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Journal of Applied Geodesy

Editor-in-Chief: Kahmen, Heribert / Rizos, Chris

4 Issues per year

CiteScore 2016: 1.09

SCImago Journal Rank (SJR) 2016: 0.367
Source Normalized Impact per Paper (SNIP) 2016: 0.908

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Volume 7, Issue 2


Velocity Field across the Carmel Fault Calculated by Extended Free Network Adjustment Constraints

Gilad Even-Tzur
  • Corresponding author
  • Division of Mapping and Geo-Information Engineering, Technion Israel Institute of Technology, Technion City, Haifa 32000, Israel
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/ Joerg Reinking
  • Department of Construction and Geoinformation, Jade University of Applied Sciences, Oldenburg, Germany
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Published Online: 2013-05-18 | DOI: https://doi.org/10.1515/jag-2013-0054


The Carmel Fault is one of the major geological structures of northern Israel. It is the northwestern part of Carmel-Tirtza Fault System and a northwestern branch of the Dead Sea Fault. The Carmel Fault region is covered by a monitoring geodetic network consisting of 23 sites, which were measured four times between 1999 and 2010 by means of GPS. The site velocities can be estimated only if the datum of the network has not been changed between measurement epochs. The GPS vectors must be adjusted so that the datum will remain undisturbed throughout the measurement campaigns. Usually we assume that GPS vectors define the network datum components of orientation and scale. Fluctuations in the GPS orbits could affect the orientation and scale between monitoring campaigns and therefore, in this study, we assume that GPS vectors are not immune to changes in their datum content. An appropriate approach is taken to prevent the inclusion of these components in the adjustment of a 4D network. If not, the result will be an inevitable mixture between the deformation parameters and the datum components of the GPS vectors. In this study the GPS vectors from each campaign are stripped from their datum content using the extended free network adjustment constraints. The datumless measurements are used to define the datum by preliminary coordinates and linear constraints, which remain constant for all monitoring campaigns, as well as to define the position of the network points and their velocities. Later on, the variations across the network geometry can be modeled by means of a physical model.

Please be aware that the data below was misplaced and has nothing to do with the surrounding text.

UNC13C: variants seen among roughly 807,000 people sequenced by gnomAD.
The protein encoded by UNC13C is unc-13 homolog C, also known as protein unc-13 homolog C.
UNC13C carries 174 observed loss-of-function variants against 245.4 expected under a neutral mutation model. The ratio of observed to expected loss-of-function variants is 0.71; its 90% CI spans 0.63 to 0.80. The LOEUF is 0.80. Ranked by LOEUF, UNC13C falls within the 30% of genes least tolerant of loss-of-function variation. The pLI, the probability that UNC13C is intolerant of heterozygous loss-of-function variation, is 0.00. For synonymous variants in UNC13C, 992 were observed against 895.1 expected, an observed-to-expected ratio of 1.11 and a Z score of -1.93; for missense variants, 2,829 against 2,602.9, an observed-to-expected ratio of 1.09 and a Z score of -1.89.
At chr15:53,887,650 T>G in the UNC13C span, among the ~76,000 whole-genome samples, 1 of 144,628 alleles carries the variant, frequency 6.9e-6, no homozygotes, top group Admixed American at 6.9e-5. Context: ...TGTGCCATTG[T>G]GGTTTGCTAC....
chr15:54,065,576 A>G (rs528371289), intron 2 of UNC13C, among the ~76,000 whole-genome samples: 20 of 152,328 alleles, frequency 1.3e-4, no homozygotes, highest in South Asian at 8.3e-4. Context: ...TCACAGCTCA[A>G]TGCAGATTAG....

Keywords: Velocity Field; Carmel Fault; Extended Free Network; GPS

About the article

Published Online: 2013-05-18

Published in Print: 2013-05-01

Citation Information: Journal of Applied Geodesy, Volume 7, Issue 2, Pages 75–82, ISSN (Online) 1862-9024, ISSN (Print) 1862-9016, DOI: https://doi.org/10.1515/jag-2013-0054.

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